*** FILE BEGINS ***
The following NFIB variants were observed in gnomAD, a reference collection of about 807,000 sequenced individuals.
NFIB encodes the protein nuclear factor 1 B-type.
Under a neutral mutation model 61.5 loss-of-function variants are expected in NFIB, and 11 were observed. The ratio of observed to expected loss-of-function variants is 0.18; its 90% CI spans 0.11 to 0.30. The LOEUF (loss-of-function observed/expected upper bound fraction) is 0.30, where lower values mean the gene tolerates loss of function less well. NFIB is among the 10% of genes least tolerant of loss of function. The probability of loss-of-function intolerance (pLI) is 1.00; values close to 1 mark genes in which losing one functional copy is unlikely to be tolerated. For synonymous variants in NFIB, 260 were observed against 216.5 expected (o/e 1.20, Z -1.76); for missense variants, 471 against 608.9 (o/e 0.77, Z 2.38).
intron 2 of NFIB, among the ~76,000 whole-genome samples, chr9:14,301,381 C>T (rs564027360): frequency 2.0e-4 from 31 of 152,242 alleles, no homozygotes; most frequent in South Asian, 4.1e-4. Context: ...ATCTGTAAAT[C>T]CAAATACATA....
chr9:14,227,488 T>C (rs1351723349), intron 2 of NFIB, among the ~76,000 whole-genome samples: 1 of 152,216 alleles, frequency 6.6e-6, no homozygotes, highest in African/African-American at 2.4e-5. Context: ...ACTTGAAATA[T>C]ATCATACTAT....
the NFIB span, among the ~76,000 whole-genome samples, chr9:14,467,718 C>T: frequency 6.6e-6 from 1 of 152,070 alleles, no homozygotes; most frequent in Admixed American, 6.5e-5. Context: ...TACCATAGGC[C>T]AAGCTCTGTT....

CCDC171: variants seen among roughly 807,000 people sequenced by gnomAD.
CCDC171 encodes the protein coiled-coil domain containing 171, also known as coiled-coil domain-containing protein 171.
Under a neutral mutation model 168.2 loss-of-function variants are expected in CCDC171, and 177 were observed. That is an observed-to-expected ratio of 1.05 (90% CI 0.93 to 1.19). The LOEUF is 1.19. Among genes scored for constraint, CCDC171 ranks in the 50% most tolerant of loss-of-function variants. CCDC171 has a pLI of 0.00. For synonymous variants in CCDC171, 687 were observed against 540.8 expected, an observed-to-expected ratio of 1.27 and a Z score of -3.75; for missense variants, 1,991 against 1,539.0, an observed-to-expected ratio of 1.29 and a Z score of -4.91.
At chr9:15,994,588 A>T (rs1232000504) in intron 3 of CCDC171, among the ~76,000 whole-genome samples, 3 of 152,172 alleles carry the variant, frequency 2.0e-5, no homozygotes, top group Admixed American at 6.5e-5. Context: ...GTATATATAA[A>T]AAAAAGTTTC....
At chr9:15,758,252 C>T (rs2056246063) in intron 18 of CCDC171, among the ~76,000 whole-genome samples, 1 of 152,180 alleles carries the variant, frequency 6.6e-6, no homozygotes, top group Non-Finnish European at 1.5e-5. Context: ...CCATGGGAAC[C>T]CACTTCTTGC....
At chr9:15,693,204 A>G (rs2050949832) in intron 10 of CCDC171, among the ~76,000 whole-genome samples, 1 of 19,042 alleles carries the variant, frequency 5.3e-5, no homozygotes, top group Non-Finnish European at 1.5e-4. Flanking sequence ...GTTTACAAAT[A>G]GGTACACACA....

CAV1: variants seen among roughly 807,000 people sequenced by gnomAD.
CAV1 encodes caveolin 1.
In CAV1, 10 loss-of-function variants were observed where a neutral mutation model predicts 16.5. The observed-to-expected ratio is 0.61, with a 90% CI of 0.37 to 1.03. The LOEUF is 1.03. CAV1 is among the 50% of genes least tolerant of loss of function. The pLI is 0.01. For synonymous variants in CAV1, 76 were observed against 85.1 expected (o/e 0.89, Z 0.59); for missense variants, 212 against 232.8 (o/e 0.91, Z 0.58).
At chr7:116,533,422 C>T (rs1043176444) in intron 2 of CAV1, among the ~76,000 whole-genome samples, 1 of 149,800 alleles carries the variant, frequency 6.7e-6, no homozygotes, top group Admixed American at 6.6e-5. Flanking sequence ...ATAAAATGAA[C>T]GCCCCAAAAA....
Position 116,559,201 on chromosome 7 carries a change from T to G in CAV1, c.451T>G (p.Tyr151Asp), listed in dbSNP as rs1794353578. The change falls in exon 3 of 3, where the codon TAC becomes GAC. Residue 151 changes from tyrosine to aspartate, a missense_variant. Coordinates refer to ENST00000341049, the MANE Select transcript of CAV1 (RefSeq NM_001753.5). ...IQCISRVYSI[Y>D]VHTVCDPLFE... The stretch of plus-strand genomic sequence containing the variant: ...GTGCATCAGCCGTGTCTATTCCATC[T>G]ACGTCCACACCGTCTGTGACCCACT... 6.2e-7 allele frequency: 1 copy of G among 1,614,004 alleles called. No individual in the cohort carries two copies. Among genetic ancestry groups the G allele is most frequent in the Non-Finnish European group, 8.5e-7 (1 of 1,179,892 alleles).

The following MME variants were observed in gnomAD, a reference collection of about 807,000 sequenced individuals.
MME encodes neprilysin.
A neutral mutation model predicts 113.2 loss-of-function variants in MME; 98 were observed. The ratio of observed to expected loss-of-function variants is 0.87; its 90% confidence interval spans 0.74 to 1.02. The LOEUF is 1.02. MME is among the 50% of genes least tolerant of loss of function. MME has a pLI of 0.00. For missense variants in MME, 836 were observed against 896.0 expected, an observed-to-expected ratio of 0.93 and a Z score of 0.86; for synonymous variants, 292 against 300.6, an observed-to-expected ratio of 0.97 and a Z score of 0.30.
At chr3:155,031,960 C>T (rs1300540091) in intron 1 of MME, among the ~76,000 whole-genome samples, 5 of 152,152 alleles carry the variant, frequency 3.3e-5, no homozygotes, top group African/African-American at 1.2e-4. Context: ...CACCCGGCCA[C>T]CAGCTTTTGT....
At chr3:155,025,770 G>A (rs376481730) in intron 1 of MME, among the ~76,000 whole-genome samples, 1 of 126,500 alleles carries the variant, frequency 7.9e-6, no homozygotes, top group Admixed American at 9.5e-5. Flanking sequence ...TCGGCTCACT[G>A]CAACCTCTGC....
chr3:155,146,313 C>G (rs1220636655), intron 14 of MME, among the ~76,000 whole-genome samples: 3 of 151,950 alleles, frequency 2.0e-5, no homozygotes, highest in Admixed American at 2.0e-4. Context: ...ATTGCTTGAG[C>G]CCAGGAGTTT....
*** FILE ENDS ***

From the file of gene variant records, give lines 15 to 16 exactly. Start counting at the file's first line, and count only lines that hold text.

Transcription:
In CAV1, 10 loss-of-function variants were observed where a neutral mutation model predicts 16.5. The observed-to-expected ratio is 0.61, with a 90% CI of 0.37 to 1.03. The LOEUF is 1.03. CAV1 is among the 50% of genes least tolerant of loss of function. The pLI is 0.01. For synonymous variants in CAV1, 76 were observed against 85.1 expected (o/e 0.89, Z 0.59); for missense variants, 212 against 232.8 (o/e 0.91, Z 0.58).
At chr7:116,533,422 C>T (rs1043176444) in intron 2 of CAV1, among the ~76,000 whole-genome samples, 1 of 149,800 alleles carries the variant, frequency 6.7e-6, no homozygotes, top group Admixed American at 6.6e-5. Flanking sequence ...ATAAAATGAA[C>T]GCCCCAAAAA....